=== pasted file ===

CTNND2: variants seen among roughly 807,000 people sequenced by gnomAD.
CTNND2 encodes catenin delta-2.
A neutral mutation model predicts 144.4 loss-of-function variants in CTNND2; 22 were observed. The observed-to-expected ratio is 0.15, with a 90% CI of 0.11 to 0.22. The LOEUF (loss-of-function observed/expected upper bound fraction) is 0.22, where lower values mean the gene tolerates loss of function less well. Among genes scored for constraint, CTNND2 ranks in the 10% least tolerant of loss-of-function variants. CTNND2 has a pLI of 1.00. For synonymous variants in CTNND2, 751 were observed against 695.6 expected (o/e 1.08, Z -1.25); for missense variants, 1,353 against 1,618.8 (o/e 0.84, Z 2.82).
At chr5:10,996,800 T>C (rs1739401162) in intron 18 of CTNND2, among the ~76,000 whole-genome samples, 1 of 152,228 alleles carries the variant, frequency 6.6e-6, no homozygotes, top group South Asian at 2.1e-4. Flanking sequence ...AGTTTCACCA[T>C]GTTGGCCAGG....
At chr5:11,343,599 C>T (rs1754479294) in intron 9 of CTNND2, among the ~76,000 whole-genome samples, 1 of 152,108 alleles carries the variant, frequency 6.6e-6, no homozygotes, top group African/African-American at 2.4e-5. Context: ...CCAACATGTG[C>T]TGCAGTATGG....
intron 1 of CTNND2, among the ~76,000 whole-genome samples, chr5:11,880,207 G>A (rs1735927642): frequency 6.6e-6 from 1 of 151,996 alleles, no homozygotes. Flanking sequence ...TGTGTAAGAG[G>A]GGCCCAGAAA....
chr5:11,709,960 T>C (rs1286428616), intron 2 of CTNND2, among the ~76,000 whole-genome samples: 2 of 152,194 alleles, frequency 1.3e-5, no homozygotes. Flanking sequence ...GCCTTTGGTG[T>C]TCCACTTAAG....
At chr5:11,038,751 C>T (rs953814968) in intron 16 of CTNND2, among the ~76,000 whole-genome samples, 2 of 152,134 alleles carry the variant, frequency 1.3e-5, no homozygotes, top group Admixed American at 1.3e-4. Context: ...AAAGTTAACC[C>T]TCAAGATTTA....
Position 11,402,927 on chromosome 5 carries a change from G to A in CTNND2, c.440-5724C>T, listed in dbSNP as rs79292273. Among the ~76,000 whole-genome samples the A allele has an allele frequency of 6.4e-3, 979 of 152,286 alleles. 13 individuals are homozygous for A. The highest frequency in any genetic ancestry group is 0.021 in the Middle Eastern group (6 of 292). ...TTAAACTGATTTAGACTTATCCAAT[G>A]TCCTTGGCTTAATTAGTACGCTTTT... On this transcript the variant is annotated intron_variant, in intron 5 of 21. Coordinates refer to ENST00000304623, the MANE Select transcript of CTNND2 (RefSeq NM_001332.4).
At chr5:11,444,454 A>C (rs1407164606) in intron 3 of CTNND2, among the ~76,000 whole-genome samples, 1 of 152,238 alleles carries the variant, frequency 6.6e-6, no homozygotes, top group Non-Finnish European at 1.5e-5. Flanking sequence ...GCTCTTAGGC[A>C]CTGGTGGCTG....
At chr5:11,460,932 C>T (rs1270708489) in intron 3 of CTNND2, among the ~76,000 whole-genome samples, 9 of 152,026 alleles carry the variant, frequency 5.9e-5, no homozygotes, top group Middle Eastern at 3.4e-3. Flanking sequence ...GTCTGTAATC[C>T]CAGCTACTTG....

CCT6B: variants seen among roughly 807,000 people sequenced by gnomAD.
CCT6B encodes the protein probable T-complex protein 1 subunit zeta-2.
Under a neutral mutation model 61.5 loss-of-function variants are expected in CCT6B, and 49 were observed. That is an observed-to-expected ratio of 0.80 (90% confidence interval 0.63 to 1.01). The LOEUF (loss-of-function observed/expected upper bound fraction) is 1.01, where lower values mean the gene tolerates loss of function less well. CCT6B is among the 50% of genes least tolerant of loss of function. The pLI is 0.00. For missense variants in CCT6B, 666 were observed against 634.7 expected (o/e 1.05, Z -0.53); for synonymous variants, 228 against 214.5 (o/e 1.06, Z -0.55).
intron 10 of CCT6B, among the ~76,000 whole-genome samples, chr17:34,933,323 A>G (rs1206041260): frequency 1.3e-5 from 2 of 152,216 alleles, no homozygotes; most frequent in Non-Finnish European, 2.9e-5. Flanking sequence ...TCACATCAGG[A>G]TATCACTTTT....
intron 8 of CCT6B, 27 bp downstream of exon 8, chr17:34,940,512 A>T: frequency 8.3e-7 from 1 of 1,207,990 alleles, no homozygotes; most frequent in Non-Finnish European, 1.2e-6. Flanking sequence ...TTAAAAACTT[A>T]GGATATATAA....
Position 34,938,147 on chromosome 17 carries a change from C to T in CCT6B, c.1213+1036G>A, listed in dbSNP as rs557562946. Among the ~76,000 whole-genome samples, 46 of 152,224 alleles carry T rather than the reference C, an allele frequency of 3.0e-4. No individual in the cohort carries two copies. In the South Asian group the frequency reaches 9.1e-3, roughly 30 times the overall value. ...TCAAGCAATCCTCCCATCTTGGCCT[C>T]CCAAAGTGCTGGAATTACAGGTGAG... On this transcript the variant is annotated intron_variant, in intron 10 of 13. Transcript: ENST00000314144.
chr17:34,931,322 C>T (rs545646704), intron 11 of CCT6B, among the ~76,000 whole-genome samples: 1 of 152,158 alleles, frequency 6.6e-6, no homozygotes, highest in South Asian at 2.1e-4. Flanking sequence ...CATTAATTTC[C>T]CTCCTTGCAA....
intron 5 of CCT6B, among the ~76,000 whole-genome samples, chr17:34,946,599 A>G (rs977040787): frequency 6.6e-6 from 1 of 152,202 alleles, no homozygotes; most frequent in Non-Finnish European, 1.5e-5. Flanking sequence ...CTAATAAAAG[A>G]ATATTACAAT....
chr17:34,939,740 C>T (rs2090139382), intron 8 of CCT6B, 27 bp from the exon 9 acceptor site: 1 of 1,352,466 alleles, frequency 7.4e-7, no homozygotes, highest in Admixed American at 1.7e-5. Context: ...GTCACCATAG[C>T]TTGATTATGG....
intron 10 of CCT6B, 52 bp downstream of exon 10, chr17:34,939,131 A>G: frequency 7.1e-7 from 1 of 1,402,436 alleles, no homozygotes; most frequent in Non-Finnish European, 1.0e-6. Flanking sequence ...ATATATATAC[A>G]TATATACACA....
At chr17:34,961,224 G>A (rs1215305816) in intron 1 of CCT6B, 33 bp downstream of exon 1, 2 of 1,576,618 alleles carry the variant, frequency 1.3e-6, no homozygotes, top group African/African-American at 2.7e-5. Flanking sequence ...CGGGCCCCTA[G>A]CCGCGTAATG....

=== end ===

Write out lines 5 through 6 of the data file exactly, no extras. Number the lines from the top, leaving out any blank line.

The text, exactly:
At chr5:11,343,599 C>T (rs1754479294) in intron 9 of CTNND2, among the ~76,000 whole-genome samples, 1 of 152,108 alleles carries the variant, frequency 6.6e-6, no homozygotes, top group African/African-American at 2.4e-5. Context: ...CCAACATGTG[C>T]TGCAGTATGG....
intron 1 of CTNND2, among the ~76,000 whole-genome samples, chr5:11,880,207 G>A (rs1735927642): frequency 6.6e-6 from 1 of 151,996 alleles, no homozygotes. Flanking sequence ...TGTGTAAGAG[G>A]GGCCCAGAAA....